McCain says any suppoter of Roe v Wade is unqualified?

There’s some ambiguity in McCain’s reply during the last debate on litmus tests for Supreme Court nominees. Here’s what was said:

McCain: I would consider anyone in their qualifications. I do not believe that someone who has supported Roe v. Wade that would be part of those qualifications. But I certainly would not impose any litmus test.

Was he clumsily trying to say that one’s view of Roe v Wade wouldn’t be considered in his review of a nominee’s qualifications (the mashed potato answer), or did he mean to say that someone who supported Roe v Wade would not be qualified (the red meat answer)?

If the former, I would consider it typical politicianspeak. If the latter, that’s a huge deal that’s mostly going unchallenged for some reason.

My question: What, exactly, did he mean? And what makes you think that?

I tend to think it’s the latter, which is why he prefaced his third sentence with the word “but”, which I view as doubletalk to mean that eliminating someone for supporting Roe v Wade wouldn’t be a litmus test (hey, the RightWorld is a very odd place, not particularly known for it’s intellectual rigor, which is typically considered “elitist”). I think he was throwing red meat to his base, and only the agreement on behalf of the audience not to cheer kept them quiet.

On the other hand, he is not exactly known for his verbal fluency, so I could be wrong.

What do you think?

He was saying that he doesn’t have a single litmus test for the job. What I heard him say was that there was a range of things he’d choose a person on, Roe v Wade would be part of the mix. But his thought that anyone who supported R v W would probably fail his criteria on any number of things.

It could be that the ambiguity was deliberate. McCain and his team had to suspect that a question like that would come up, and may have taken the time to carefully craft a response that could be interpreted either way. Then you just have to make sure that your spin machine is targeted well enough that people on both sides of the issue interpret it the “right” way.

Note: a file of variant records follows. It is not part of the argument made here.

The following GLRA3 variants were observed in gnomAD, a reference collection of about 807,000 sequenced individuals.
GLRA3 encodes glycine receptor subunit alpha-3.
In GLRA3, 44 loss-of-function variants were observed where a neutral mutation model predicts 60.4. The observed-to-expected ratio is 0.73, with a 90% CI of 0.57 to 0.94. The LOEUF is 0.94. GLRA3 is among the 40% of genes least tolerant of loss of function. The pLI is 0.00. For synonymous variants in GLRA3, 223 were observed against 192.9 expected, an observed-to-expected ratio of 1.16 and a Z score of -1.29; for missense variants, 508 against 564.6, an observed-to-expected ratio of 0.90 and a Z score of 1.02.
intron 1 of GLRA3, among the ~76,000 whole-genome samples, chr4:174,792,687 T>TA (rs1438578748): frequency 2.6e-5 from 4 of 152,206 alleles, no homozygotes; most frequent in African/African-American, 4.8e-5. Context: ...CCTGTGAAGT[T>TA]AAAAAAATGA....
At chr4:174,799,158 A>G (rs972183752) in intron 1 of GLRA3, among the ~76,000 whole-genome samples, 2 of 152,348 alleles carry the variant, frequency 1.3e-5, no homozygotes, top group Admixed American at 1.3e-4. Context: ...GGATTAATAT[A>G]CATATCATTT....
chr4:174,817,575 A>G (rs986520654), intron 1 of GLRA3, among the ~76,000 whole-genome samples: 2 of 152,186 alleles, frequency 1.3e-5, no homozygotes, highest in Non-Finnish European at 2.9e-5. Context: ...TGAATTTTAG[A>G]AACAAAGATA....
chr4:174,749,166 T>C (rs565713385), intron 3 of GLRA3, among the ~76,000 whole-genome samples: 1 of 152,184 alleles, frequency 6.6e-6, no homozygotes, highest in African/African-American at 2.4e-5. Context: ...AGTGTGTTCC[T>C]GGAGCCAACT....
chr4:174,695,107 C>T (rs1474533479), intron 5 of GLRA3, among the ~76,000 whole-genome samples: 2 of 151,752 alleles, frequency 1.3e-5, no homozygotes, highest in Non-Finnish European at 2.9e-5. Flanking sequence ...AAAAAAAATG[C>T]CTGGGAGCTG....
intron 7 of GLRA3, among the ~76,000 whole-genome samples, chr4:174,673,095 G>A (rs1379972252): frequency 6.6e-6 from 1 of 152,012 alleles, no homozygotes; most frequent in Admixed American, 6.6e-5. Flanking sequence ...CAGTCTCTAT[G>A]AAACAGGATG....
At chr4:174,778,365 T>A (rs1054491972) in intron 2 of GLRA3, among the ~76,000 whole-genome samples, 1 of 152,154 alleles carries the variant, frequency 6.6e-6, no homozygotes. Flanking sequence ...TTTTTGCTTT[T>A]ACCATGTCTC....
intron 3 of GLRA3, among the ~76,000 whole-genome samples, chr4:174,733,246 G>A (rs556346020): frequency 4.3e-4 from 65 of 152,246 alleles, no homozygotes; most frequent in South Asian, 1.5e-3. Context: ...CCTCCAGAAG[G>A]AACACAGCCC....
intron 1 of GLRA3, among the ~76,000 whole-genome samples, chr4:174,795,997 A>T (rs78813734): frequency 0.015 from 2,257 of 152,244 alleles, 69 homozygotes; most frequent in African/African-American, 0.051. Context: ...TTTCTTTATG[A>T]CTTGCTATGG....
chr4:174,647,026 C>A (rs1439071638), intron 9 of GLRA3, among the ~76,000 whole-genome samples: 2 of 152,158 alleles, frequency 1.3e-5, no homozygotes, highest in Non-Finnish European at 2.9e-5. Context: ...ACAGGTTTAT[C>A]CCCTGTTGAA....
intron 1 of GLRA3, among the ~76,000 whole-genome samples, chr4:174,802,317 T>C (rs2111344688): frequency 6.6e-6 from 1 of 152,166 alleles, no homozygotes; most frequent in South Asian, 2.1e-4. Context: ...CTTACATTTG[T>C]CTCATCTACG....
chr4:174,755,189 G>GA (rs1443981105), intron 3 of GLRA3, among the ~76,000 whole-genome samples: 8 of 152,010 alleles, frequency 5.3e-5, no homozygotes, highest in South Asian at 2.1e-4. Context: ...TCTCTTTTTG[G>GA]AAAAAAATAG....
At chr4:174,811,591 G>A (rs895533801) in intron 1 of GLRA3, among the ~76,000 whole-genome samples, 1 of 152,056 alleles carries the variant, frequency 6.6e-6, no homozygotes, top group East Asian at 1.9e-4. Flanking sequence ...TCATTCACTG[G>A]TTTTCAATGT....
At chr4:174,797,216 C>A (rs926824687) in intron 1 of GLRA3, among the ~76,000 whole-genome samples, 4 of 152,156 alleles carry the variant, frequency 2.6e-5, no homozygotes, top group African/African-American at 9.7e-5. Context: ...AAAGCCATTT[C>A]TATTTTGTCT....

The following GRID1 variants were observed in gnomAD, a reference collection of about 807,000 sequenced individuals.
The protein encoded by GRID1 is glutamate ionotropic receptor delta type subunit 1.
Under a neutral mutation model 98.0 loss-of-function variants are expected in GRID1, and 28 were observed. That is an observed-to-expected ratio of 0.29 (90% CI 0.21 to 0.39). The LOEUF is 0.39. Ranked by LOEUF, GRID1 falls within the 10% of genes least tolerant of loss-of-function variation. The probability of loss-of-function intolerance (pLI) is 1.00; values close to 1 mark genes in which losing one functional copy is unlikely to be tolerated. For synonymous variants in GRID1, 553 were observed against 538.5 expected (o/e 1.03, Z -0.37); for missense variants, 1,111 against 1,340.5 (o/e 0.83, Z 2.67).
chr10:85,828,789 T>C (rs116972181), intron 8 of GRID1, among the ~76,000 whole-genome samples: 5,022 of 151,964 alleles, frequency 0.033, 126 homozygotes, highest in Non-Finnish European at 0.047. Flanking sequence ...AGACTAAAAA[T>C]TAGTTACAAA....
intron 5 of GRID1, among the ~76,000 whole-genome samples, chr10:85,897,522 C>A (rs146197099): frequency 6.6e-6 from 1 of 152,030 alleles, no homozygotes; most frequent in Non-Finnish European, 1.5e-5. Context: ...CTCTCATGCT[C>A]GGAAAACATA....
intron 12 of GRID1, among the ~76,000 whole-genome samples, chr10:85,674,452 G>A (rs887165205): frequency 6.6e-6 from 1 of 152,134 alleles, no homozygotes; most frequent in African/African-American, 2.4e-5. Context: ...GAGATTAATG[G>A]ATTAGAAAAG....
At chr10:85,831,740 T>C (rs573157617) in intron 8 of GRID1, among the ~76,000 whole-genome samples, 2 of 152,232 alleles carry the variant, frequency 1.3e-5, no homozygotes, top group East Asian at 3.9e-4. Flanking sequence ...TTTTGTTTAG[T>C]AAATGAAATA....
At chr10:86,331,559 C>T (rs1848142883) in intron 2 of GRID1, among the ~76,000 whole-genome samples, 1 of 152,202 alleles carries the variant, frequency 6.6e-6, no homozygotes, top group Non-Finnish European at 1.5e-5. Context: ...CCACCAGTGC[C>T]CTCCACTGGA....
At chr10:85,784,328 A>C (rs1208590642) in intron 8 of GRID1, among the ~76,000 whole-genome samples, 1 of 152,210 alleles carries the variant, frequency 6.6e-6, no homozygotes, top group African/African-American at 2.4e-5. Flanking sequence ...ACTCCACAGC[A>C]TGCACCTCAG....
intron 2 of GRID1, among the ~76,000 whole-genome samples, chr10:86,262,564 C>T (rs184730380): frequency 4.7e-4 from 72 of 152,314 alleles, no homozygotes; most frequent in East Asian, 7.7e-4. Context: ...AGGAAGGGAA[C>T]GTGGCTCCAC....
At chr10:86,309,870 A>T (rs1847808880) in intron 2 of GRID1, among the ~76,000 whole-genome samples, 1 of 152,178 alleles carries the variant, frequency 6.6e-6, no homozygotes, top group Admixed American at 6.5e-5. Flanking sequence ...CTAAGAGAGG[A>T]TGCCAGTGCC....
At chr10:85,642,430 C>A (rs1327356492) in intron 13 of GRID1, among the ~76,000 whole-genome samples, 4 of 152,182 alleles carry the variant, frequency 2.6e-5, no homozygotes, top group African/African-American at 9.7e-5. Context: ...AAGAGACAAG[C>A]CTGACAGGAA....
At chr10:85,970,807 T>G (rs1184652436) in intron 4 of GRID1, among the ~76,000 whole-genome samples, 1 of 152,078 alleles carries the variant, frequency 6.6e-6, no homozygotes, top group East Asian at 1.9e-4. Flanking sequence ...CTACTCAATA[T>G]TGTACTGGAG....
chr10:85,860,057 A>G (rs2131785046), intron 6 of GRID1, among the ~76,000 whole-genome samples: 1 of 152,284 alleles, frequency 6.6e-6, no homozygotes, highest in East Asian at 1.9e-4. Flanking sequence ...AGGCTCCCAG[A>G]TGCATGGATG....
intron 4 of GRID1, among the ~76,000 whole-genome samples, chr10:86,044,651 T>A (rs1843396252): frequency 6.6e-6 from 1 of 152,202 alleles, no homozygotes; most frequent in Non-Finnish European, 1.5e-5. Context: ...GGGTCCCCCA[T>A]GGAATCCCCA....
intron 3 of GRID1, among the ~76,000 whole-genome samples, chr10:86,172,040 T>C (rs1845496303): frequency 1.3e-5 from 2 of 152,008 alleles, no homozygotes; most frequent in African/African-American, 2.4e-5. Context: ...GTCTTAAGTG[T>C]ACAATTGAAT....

I’ve also been confused by that exact statement. I finally concluded he was talking gibberish, out of both sides of his mouth, trying to disguise his true feelings. If he really wants the job of POTUS he certainly should be able to competently convey in clear language what his true feelings and thoughts are. Is he really unable to speak clearly on that matter? Or is he still confused about what he really believes? If you read the other things McCain said, just after Schieffer first asked the question, McCain rambled around quite a lot. In fact Schieffer asked him two more times, (or tried to pin him down), to get McCain to clarify his comments. That’s when McCain offered that final but still ambiguous statement quoted in the OP. I think McCain was intentionally being cloudy and vague in his comments.

Again, I tend to agree. So why isn’t the left and others opposed to what I call the forced birth movement making any noise about this, do you think?

After all, saying that anyone who supports Roe v Wade isn’t qualified (in McCain’s opinion) would mean that McCain thinks Sandra Day O’Connor – a fellow Arizona Republican – wasn’t qualified for the Supreme Court!

President Delphic Oracle!

That makes a lot of sense to me, and I think that such deliberate Machiavellian ambiguity is likely the right answer.

I wonder how anything that clever came from the McCain campaign, the clumsiest I’ve ever seen?

In any event, I’m surprised that I’ve heard almost nothing about this, even on the left.